The turn out on Saturday for the Members' Opening at MOCA was unbelievable! And it was my kind of event--a crazy mix of fashion, art, commerce, the irreverant and silly. The place was jammed with what seemed like thousands of well-dressed or at least wildly dressed art lovers drawn by the the premiere of part one of Murakami's first major animated film, kaikai & kiki, the lure of a fully operational Louis Vuitton boutique, and a blow-out nightclub party.
The show itself was immense; more than 90 of Murakami's works in various mediums fill 35,000 square feet of exhibition space. A classically trained artist who made his name through otaku pop culture, Takashi Murakami first hit western consciousness with his flat anime/manga designs for Marc Jacobs' line of Louis Vuitton bags. With cover art for Kanye West's latest album and $900 LV bags under his belt, Murakami has become a virtual rock star in the art world.
After 20 minutes of waiting in line to hit the LV store within the exhibit, we finally made it inside. It was only Saturday and the saleswoman told me that they'd already done a quarter of a million dollars in sales that afternoon. The big bash to be held the following evening with Kanye West and Marc Jacobs in attendance promised to be even more lucrative.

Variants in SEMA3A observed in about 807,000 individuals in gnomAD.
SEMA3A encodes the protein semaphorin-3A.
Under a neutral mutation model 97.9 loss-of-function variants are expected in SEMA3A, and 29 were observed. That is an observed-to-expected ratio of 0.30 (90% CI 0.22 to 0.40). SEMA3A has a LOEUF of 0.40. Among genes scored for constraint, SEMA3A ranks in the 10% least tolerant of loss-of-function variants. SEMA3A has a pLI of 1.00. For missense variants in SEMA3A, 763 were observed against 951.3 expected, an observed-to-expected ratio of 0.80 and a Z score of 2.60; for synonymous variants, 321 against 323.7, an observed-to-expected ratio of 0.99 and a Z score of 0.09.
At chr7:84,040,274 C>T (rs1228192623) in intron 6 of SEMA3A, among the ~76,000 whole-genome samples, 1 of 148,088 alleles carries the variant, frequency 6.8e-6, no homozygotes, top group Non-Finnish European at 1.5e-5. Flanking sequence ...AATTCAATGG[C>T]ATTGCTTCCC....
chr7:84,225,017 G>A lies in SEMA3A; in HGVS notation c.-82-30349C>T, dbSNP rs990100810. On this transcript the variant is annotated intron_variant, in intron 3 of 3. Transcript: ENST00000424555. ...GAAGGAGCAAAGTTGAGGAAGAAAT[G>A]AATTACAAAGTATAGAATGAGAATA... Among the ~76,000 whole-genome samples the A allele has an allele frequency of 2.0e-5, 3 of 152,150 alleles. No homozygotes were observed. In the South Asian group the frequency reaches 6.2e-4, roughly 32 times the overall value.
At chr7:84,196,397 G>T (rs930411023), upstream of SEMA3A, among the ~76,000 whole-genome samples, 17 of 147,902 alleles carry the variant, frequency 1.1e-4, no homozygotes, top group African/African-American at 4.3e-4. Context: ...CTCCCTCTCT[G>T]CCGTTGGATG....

In addition to the LV trunk filled with 13 Murakami bags selling for $500,000, the LV store at MOCA also boasted limited edition "paintings" of the fabric Murakami designed for Louis Vuitton, mounted as wall hangings. A limited number were available for $6,000 each and another group was selling for $10,000 each. In the store, we talked to four friends who had each purchased two "paintings" at $6,000 each--one to sell off in order to pay for the other. They were confident they were making a savvy purchase.
Another good bet if you're looking to pick up a collectible at this exibit: the LV agenda, which comes in three styles and ranges from $500 to $700. It features a new Murakami character, Chibi Kinoko, which means "little mushroom," making it a true collector's piece.
My favorite piece in the show was "Oval Buddha", a 17 foot high giant silver sculpture described by some as a cross between Humpty Dumpty and a big-headed alien. Murakami says it's a self-portrait. I loved it.
Part two of kaikai & kiki will open in the middle of December and part three in January. (c) MURAKAMI is organized by MOCA Chief Curator Paul Schimmel with Project Coordinator Mika Yoshitake and will travel to New York's Brooklyn Museum, Frankfurt's Museum fur Moderne Kunst and the Solomon R. Guggenheim Museum in Bilbao, Spain following its L.A. season.